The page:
“I am a horse enthusiast, so for me it is just such a special treat to get out of the office and labs and get to hang out with ‘my’ horses,” Nielsen said. “We enjoy hanging out with them and getting to know their personalities. When I started working here, a lot of the older mares had not been handled much and they were quite nervous about everything. Now, they have all turned into sweethearts and have become very comfortable with our procedures.”

Foals, of course, are very popular, especially with Nielsen’s students. “We spend a lot of time with the foals to get them used to wearing a halter and to be brought in and out of the barn,” he said. “This exercise is very popular with my students and I see lots of selfies being taken while doing this.”

Nielsen describes this herd accurately when he says they have a lot of personality. For such tiny horses, they have a lot of opinions!

When all the samples had been collected, the researchers turned the horses back out (some of the horses showed their enthusiasm during this part!) and then it was on to the Miniature herd. Nielsen describes this herd accurately when he says they have a lot of personality. For such tiny horses, they have a lot of opinions!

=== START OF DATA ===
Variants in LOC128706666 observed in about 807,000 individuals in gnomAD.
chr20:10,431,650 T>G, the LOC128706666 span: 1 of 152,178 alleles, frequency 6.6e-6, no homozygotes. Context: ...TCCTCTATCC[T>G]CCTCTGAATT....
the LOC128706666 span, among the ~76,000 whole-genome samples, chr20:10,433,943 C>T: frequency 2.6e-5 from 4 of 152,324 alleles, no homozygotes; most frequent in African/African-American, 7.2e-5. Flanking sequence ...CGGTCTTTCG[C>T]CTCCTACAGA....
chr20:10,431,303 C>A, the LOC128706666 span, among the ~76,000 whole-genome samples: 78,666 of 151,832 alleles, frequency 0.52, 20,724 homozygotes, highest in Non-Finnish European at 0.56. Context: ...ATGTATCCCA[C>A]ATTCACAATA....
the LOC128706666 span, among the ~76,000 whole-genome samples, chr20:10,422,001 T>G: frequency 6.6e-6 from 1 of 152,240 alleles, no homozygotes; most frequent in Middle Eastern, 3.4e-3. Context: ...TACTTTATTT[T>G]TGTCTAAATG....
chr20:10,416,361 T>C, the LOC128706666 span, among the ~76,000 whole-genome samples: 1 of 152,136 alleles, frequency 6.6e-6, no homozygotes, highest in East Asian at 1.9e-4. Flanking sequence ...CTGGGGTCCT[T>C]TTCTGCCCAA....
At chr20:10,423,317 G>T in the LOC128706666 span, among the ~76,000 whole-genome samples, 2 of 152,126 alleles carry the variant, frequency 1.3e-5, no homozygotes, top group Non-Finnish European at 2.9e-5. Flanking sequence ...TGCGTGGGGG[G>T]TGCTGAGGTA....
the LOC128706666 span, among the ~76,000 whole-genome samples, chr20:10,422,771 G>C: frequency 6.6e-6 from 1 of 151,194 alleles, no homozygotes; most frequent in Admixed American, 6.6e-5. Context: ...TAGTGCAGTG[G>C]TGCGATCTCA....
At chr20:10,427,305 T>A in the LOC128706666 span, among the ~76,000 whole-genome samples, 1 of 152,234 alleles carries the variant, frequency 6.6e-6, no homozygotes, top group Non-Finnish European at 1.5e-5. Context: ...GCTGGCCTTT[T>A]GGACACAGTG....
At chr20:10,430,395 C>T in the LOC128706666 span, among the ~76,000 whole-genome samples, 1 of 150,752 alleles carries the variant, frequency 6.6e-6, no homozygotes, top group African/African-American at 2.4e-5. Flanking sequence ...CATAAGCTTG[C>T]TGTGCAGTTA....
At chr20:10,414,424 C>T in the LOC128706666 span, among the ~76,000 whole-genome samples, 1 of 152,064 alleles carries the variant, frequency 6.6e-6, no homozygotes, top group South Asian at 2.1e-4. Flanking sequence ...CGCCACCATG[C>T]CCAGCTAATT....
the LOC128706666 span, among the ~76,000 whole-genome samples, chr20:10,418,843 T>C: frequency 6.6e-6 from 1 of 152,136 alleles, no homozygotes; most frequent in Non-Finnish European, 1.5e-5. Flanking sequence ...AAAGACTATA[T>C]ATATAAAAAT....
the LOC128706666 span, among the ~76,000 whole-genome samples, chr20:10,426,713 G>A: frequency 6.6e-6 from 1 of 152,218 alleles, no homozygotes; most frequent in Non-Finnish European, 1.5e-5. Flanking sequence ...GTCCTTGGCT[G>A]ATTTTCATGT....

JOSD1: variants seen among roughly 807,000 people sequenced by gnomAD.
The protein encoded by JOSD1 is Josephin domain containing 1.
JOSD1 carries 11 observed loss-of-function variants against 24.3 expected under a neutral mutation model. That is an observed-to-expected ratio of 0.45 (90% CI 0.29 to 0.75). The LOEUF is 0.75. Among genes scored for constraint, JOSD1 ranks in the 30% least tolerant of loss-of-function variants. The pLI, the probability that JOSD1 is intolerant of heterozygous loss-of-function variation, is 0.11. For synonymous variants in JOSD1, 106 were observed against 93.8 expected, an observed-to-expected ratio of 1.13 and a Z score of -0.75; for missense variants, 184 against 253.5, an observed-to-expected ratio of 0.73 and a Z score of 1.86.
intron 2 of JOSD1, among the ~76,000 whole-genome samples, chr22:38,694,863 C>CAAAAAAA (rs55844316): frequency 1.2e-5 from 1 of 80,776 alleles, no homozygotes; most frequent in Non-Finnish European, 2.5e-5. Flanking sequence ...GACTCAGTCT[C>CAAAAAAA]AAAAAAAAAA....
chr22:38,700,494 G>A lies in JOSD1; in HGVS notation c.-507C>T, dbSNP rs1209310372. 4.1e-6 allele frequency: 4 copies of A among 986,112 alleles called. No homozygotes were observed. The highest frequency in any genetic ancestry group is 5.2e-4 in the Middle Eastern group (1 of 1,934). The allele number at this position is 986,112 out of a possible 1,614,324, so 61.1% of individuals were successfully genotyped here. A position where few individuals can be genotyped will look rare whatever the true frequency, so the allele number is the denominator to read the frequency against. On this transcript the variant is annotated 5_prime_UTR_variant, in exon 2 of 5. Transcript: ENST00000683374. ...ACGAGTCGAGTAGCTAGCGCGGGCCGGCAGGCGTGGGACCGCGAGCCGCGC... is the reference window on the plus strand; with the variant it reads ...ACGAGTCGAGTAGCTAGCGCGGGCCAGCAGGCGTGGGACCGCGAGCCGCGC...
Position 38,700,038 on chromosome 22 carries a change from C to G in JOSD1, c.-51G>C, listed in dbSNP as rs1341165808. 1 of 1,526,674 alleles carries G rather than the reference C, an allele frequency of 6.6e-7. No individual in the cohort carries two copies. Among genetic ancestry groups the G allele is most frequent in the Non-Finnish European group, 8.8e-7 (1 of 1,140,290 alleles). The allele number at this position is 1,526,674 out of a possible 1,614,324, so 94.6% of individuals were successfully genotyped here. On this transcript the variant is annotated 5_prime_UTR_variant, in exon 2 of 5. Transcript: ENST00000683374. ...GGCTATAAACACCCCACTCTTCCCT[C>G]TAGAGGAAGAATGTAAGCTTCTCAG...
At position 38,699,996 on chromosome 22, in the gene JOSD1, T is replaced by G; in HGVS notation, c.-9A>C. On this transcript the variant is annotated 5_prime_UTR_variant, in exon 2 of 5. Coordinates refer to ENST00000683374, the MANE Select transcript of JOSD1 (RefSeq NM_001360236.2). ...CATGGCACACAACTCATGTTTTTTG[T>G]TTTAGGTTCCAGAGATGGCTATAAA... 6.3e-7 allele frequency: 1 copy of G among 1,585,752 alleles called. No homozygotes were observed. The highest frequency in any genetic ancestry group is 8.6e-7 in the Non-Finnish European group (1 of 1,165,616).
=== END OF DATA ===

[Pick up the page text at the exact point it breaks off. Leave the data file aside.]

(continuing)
I helped herd them over to the sampling shed and, at first, they just stood there, deciding they did not want to move. Finally, however, they took off as fast as their little legs could carry them. Getting to watch a large herd of Miniature Horses gallop across a field is pretty unique and very entertaining. The Minis were very good for their sampling, although they were very happy when they got to gallop back to their field again.

After the Miniature herd returned to their field, it was time to pack up and head back into town until the next time the group has to come out to visit the herd and collect samples.

Spending a morning at Maine Chance Farm watching Nielsen and his team was a wonderful experience. It is clear that they all care about the horses very much and are passionate about the research done with these horses.

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More information on Gluck Equine Research Center and UK Ag Equine Programs.